Care reformers must lend their ears to looked-after children
The green paper Care Matters is vital. Despite great efforts at reform to ensure children benefit from being in care, results are still not good enough. We at the British Association for Adoption and Fostering are pleased that the Government has made looked-after children a top priority.
Now, this commitment must translate into the best deal for children via the 2007 comprehensive spending review.
Since consultation began in October, BAAF has been considering its response. This must be informed by what children tell us they want, not by what adults tell them they need. Government has tried hard to listen, and young people's views must not be lost in the reform.
Young people in care say they want more contact with brothers and sisters, more choice in where they live, help in school when they need it, someone to have aspirations for them and a decent place to live when they leave care. Above all, they want to be treated like others and to feel normal.
They do not want a bureaucratic childhood.
Many of the proposals have great merit. But there are so many proposals that would need legislative, procedural and administrative reform that implementing them all could lead to even more elaborate and complex structures than exist now. In short, they may add up to a childhood that is more bureaucratic and less ordinary.
We must move beyond good ideas to a serious discussion about how to cost, prioritise and put into practice the best of Care Matters. So, which proposals will make the biggest difference to children? And do we agree on what they are? The green paper recognises that decisions are often made on behalf of children in care by people they do not know. We know how much children resent this. But under the proposals, a child in care in future can expect to have tiered foster or residential carers, a local authority social worker, a more powerful independent reviewing officer, maybe an independent practice social worker, a virtual headteacher, a statutory designated teacher, a named health worker, an individual advocatevisitor, and a local authority councillor. Will creating a lead professional for children in care help to reduce this mass of roles, and do we all agree on who that person should be?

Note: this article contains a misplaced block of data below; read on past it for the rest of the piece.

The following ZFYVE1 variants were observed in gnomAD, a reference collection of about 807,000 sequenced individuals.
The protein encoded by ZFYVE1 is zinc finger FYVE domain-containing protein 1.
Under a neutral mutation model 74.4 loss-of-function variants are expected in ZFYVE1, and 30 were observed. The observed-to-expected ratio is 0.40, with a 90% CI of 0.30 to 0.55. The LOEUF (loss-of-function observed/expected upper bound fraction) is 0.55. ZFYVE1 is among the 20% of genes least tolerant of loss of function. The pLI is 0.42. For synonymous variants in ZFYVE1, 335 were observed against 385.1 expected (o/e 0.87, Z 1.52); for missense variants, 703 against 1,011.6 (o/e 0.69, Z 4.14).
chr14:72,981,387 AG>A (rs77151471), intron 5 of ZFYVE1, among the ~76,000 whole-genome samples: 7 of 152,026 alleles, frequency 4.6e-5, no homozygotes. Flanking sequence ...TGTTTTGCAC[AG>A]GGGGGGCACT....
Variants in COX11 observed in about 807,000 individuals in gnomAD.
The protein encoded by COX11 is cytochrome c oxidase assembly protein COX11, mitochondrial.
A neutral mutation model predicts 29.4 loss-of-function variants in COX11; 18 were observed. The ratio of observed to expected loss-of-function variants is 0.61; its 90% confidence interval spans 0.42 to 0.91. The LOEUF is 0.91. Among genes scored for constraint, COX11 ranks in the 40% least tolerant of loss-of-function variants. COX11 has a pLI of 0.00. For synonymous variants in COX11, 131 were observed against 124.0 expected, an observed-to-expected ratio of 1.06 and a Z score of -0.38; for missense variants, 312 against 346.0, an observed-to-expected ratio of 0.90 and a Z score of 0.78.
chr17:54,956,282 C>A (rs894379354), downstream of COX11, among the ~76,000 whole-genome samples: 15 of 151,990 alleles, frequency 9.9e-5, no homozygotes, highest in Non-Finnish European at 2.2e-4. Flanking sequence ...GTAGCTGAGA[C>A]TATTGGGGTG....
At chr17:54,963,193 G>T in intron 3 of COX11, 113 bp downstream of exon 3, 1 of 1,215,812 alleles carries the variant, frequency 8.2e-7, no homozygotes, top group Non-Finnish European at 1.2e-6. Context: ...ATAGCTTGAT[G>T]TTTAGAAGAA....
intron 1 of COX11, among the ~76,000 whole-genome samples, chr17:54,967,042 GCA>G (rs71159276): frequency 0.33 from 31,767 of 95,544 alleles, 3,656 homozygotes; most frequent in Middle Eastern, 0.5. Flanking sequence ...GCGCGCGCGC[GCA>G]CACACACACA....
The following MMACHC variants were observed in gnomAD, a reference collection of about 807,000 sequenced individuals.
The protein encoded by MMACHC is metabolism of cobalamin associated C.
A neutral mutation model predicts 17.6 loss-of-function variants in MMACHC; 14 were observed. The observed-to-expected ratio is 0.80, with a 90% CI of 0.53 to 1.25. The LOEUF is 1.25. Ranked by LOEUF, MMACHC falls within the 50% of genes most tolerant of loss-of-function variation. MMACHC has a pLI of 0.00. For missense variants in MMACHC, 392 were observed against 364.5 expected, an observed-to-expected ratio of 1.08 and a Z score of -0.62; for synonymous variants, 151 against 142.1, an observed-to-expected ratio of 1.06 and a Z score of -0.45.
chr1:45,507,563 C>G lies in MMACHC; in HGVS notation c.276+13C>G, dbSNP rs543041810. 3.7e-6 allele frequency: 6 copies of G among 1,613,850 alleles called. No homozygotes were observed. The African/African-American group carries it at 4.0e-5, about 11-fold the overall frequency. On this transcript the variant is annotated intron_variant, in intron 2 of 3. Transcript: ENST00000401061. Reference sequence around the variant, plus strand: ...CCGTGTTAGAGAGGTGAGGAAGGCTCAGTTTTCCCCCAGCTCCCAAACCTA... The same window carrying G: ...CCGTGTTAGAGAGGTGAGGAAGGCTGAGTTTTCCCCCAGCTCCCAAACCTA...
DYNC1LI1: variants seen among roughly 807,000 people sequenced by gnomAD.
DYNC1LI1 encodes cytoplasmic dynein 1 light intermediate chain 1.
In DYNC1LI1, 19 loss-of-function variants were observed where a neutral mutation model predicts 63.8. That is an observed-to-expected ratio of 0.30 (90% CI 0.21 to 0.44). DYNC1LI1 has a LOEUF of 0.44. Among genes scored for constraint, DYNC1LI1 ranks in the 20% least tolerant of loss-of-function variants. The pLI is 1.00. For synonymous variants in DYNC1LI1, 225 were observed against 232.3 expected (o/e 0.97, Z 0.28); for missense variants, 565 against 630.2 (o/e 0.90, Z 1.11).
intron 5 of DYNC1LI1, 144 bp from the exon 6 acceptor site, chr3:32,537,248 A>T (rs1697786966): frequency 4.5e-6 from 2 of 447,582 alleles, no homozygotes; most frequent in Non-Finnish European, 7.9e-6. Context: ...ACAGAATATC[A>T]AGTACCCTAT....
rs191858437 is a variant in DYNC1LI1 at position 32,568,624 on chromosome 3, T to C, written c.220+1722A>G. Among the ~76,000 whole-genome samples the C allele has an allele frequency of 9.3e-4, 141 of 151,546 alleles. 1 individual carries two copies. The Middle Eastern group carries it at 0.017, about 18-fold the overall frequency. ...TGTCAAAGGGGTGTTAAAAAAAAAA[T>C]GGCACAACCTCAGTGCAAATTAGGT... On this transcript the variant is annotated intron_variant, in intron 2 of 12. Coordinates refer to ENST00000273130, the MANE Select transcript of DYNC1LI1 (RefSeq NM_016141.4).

Another key proposal is a tiered framework for foster-carers. This assumes that some children will have few extra needs while others will have complex ones. Carers with more skills and qualifications would be paid more to look after children with greater needs. But how many children in foster care will have few extra needs? And will a tiered system deliver what children want from placements - more choice over where they live, the stability of family life, and someone to aspire for them?
We believe the focus should be on changing practice, not systems. The proposals underplay the contribution that foster-carers can make to children's lives. Normality can best be provided by the day-to-day carer and most looked-after children live with foster-carers. But they often lack power to act on behalf of children. Empowering carers to build relationships with schools is crucial. They should be invited to sports days and parents' evenings, but teachers too often do not know who to contact about problems or if there is praise to be passed on. We must train, support and value carers and be clear about their roles.
BAAF will back the proposals it believes will make the biggest difference for children: enabling them to stay with foster-carers until they are 21; giving them a veto on leaving care before 18; and reducing the numbers of placement moves. Practical measures such as avoiding unnecessary moves in Years 10 and 11, putting designated teachers on a statutory footing and giving looked-after children priority in schools admissions will also get our support. What happens at home, school - and the relationship between the two - are all equally important.
We urge you to think about what will make the biggest difference, and to respond to the consultation before it ends on January 15.